Taliban confirms death of Kunduz shadow governor

Taliban shadow governor Mullah Abdul Salam, at a Taliban rally in Kunduz province in 2015.

The Taliban announced today that the US killed Mullah Abdul Salam, its shadow governor for the northern Afghan province of Kunduz, in an airstrike on Feb. 26. Salam led Taliban forces in overrunning Kunduz City and holding the provincial capital for two weeks in 2015. His forces also entered Kunduz City and held large areas of it for nine days in 2016.

“The governor for Kunduz of the Islamic Emirate, the sincere and devout individual, Al-Haj Mullah Abdul Salam Akhund was martyred by a cowardly airstrike of the invading American infidels on 26/02/2017 in Dasht-i-Archi district of Kunduz province,” the Taliban noted in a statement that was released on its official website, Voice of Jihad.

The Taliban described Salam as the “liberator of Kunduz” and said he had “trained thousands of Mujahideen such that they will follow his path.”

Dasht-i-Archi, the district where Salam was killed, is heavily contested by the Taliban. Only four days ago, the Taliban claimed it shot down an Afghan military attack helicopter. The Afghan Ministry of Defense claims the helicopter landed due to technical problems. Unable to recover the helicopter, the military destroyed it in an airstrike.

Salam was one of the Taliban’s most important and influential shadow governors. He was one of several Taliban shadow governors who were detained by Pakistani security services in early 2010. He was later released and returned to Afghanistan and resumed his role as the Taliban’s governor for Kunduz.

As shadow governor for Kunduz, Salam has succeeded in making the province one of the most unstable in all of Afghanistan. For the past three years, all seven districts in Kunduz have been contested or controlled by the Taliban, according to a study by FDD’s Long War Journal.

Salam engineered what is perhaps the most successful large-scale Taliban military operation in Afghanistan since the Islamic Emirate was driven from power by the US in 2001. In late Sept. 2015, his fighters overran Kunduz City and held it for two weeks before being driven out by Afghan forces backed by US airpower and special operations forces. Salam organized a second push to retake Kunduz City in Oct. 2015, and his fighters made it to the center of the provincial capital and controlled a large portion of the city for nine days.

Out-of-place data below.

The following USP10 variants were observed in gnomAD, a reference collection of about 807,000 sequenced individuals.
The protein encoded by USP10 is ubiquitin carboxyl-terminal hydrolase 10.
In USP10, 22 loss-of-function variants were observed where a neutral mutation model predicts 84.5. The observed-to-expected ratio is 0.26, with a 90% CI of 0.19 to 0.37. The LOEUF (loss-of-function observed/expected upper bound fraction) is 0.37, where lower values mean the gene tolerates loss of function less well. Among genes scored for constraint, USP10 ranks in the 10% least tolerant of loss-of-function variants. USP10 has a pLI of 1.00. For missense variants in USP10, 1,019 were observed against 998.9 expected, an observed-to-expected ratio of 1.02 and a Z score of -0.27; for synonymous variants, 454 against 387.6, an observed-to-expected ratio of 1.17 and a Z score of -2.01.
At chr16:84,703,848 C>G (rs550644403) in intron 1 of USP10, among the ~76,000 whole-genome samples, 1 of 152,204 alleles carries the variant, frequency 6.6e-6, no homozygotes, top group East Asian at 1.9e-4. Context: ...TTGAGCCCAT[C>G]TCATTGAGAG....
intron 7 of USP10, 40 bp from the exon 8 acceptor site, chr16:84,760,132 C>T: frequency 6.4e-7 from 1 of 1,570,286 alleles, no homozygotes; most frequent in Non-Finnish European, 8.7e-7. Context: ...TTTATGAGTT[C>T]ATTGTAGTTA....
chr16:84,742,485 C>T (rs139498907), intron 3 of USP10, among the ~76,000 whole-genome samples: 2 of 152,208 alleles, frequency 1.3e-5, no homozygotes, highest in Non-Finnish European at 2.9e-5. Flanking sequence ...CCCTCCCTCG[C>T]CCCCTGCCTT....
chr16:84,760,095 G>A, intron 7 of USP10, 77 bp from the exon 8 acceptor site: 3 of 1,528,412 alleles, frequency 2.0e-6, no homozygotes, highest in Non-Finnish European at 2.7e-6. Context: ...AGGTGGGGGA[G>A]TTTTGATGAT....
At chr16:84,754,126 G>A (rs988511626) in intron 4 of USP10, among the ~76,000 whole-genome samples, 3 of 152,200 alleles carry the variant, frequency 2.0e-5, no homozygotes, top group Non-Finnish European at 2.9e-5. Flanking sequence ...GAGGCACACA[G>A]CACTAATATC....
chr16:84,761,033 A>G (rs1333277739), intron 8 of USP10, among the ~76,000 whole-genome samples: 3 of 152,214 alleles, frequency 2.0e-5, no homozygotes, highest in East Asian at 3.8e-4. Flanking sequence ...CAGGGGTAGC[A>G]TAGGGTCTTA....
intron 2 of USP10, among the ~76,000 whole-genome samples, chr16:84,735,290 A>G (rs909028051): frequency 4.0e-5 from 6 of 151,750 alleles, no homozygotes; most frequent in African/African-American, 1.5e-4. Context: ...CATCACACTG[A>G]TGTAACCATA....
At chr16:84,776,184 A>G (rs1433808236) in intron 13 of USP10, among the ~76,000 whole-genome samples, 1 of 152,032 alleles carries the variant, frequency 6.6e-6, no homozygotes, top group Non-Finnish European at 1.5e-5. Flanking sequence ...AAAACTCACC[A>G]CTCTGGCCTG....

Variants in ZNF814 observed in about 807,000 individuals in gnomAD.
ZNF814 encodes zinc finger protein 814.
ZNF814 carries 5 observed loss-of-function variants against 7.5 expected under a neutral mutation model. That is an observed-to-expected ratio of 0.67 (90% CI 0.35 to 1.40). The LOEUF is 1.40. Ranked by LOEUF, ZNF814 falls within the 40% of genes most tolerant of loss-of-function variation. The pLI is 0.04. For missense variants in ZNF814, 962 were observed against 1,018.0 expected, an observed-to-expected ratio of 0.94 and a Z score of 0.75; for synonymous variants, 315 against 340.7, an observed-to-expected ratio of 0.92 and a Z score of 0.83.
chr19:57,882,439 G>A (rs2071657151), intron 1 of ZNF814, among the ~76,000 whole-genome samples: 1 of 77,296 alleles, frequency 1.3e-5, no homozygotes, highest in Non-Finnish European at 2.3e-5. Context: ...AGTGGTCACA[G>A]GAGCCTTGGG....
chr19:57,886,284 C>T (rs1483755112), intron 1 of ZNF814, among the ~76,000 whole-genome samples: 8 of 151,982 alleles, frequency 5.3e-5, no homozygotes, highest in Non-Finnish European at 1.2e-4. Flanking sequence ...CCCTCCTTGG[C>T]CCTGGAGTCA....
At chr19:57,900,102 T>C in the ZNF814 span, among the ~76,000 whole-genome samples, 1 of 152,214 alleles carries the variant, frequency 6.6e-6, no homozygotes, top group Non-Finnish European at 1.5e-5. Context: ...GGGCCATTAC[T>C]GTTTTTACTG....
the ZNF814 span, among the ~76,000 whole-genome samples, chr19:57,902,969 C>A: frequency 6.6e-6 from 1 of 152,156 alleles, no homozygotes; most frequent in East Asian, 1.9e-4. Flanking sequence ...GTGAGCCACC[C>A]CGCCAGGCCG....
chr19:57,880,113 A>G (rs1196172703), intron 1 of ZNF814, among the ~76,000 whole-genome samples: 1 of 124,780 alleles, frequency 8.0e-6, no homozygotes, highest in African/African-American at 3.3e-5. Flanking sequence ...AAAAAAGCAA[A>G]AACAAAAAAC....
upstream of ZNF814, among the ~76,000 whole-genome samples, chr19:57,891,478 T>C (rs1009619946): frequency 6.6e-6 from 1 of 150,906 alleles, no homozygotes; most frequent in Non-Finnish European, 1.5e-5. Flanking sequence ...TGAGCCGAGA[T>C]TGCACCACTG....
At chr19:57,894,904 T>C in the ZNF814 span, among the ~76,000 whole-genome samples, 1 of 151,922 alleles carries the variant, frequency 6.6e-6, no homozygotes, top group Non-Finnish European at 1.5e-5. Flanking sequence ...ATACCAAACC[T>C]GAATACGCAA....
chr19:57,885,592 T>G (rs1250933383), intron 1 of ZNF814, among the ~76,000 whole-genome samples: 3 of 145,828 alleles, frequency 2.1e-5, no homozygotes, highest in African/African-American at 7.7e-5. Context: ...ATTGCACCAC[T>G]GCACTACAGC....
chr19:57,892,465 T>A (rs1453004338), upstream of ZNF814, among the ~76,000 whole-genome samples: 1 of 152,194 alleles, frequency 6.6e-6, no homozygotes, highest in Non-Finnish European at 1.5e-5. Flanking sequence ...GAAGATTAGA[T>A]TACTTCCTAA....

Kunduz City is the only major Afghan city to fall to the Taliban since US forces entered the country in 2001.

The Taliban claims it operates a training camp in Kunduz. In the summer of 2016, the Taliban released a propaganda video of its Omar ibn Khattab training facility. Salam also appeared in the video.

Additionally, Salam has been a key figure in the Afghan north and has kept his forces loyal during difficult leadership changes. After the Taliban announced the death of Mullah Omar, the founder and first emir of the Taliban, in 2015, Salam held a large rally and swore allegiance to Mullah Akhtar Mohammad Mansour. The move was controversial since the Taliban hid Omar’s death for more than two years. And after the US killed Mansour in May 2016, Salam again pledged to his successor, Mullah Haibitullah.

Salam was rewarded for his loyalty and effectiveness on the battlefield. When Taliban emir Mullah Haibitullah replaced 24 of the Taliban’s 34 shadow governors earlier this year, Salam retained his post.

Salam has been in the crosshairs of the US and Afghan intelligence for at least three years. After Salam’s forces overran Kunduz City for the first time, he was targeted in at least three airstrikes, according to Afghanistan’s National Directorate of Intelligence. On Oct. 1, 2015, the NDS claimed it killed Salam along with a Lashkar-e-Taiba operative known as Faris. Salam promptly denied reports of his death and issued an audio tape to prove it. Afghan officials also claimed to have killed Salam in Oct. 2016, but the Taliban again denied the reports.

Bill Roggio is a Senior Fellow at the Foundation for Defense of Democracies and the Editor of FDD's Long War Journal.

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  • Moose says:

    Good, rot in hell.

  • Afghan says:

    How significant is his demise? How effective would it be in bringing stability back to Kunduz?

  • Devendra Sood says:

    Well, The Drone finally arranged Mullah Salam’s meeting with Allah. Now, the question is – are there 72 Hoories? In any event, One more cockroach down. Good Work DRONE.


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